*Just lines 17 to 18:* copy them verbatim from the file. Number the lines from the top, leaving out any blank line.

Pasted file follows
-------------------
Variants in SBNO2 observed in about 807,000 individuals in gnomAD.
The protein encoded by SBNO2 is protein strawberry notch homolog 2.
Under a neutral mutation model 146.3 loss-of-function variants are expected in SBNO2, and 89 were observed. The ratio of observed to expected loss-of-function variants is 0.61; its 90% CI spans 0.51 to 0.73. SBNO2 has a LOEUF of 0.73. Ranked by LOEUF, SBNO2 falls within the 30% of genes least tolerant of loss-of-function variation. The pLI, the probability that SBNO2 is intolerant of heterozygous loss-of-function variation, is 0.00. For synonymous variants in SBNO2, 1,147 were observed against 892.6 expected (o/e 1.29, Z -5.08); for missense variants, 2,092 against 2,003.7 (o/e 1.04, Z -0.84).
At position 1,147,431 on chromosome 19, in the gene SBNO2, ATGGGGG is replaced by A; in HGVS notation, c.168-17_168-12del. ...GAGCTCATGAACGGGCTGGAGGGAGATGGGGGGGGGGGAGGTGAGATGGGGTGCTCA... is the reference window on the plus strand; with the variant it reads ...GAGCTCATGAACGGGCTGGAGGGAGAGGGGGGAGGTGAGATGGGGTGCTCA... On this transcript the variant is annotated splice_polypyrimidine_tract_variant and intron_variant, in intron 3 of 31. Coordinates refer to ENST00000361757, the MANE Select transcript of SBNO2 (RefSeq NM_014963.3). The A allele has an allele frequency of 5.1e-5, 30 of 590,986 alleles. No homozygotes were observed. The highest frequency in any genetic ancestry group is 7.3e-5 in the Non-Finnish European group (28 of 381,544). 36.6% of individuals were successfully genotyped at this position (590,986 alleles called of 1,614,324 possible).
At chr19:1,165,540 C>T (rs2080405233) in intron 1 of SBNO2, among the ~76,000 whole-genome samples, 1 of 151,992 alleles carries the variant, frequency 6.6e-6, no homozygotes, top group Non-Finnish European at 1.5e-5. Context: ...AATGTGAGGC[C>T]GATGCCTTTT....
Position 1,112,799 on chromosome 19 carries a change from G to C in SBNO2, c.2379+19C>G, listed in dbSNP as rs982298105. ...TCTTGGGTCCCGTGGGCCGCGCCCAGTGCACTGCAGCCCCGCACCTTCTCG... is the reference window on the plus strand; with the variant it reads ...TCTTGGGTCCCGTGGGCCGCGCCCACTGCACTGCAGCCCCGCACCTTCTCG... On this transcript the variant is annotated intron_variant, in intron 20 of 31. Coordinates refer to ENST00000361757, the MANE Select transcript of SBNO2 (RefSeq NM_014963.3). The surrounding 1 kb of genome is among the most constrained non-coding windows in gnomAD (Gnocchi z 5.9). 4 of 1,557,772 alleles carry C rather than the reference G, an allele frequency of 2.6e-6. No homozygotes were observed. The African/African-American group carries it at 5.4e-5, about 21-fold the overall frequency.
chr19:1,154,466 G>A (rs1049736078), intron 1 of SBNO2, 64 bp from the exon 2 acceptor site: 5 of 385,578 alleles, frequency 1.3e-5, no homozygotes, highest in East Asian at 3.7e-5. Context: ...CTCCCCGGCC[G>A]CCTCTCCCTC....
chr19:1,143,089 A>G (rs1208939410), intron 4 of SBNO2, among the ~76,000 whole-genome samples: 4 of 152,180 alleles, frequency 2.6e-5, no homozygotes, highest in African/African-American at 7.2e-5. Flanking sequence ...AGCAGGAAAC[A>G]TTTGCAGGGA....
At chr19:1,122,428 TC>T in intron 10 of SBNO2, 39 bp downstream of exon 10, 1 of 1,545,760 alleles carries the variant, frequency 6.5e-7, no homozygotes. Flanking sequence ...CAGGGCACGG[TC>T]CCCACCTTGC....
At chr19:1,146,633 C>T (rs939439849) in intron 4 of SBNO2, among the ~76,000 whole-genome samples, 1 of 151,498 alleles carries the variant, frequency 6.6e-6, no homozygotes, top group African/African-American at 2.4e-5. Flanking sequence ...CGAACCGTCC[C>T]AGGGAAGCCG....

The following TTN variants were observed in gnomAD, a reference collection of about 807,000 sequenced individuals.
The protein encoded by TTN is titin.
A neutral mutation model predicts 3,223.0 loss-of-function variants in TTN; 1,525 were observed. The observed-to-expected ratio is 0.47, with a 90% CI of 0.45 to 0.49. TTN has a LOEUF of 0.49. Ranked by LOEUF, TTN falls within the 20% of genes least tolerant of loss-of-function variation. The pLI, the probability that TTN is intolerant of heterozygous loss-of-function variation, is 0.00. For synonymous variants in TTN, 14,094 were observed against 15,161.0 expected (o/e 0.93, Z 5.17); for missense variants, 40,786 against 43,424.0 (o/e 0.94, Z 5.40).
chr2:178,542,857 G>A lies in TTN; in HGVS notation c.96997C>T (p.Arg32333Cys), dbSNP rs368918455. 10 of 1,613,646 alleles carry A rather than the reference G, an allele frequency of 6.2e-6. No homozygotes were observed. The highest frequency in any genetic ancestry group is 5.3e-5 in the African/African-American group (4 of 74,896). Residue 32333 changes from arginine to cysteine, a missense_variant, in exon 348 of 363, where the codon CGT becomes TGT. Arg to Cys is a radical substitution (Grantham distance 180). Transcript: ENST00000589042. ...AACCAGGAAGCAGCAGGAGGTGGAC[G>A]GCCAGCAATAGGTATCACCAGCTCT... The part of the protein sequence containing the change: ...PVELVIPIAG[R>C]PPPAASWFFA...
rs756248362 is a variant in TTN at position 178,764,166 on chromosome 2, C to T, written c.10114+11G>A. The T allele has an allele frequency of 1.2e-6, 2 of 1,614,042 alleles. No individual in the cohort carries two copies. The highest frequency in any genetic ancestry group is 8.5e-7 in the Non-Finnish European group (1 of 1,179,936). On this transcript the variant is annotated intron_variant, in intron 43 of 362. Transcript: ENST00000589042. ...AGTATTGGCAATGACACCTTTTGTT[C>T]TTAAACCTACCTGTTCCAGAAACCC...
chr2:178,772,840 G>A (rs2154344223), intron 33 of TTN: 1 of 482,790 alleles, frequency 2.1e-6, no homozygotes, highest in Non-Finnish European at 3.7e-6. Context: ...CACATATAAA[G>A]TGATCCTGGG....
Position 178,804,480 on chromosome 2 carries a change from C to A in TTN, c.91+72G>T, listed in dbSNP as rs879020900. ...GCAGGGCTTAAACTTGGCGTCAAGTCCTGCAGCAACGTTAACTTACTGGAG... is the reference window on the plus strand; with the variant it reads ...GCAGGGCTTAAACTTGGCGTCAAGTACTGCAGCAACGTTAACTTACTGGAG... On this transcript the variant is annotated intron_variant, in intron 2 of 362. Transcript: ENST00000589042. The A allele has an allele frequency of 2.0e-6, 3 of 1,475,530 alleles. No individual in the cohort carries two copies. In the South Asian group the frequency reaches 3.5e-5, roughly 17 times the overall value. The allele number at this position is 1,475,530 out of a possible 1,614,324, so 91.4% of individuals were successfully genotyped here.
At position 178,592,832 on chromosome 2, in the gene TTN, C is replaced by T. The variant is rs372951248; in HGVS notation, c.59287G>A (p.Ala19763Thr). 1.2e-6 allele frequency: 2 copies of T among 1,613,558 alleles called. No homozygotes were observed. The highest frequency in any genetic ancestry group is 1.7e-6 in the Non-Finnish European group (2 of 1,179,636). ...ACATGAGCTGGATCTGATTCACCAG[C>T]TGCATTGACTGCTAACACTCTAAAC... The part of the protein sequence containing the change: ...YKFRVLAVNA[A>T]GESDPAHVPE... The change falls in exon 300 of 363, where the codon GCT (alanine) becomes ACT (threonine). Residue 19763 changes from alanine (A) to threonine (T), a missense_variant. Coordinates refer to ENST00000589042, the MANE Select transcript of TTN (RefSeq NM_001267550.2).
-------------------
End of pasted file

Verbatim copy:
Position 178,804,480 on chromosome 2 carries a change from C to A in TTN, c.91+72G>T, listed in dbSNP as rs879020900. ...GCAGGGCTTAAACTTGGCGTCAAGTCCTGCAGCAACGTTAACTTACTGGAG... is the reference window on the plus strand; with the variant it reads ...GCAGGGCTTAAACTTGGCGTCAAGTACTGCAGCAACGTTAACTTACTGGAG... On this transcript the variant is annotated intron_variant, in intron 2 of 362. Transcript: ENST00000589042. The A allele has an allele frequency of 2.0e-6, 3 of 1,475,530 alleles. No individual in the cohort carries two copies. In the South Asian group the frequency reaches 3.5e-5, roughly 17 times the overall value. The allele number at this position is 1,475,530 out of a possible 1,614,324, so 91.4% of individuals were successfully genotyped here.
At position 178,592,832 on chromosome 2, in the gene TTN, C is replaced by T. The variant is rs372951248; in HGVS notation, c.59287G>A (p.Ala19763Thr). 1.2e-6 allele frequency: 2 copies of T among 1,613,558 alleles called. No homozygotes were observed. The highest frequency in any genetic ancestry group is 1.7e-6 in the Non-Finnish European group (2 of 1,179,636). ...ACATGAGCTGGATCTGATTCACCAG[C>T]TGCATTGACTGCTAACACTCTAAAC... The part of the protein sequence containing the change: ...YKFRVLAVNA[A>T]GESDPAHVPE... The change falls in exon 300 of 363, where the codon GCT (alanine) becomes ACT (threonine). Residue 19763 changes from alanine (A) to threonine (T), a missense_variant. Coordinates refer to ENST00000589042, the MANE Select transcript of TTN (RefSeq NM_001267550.2).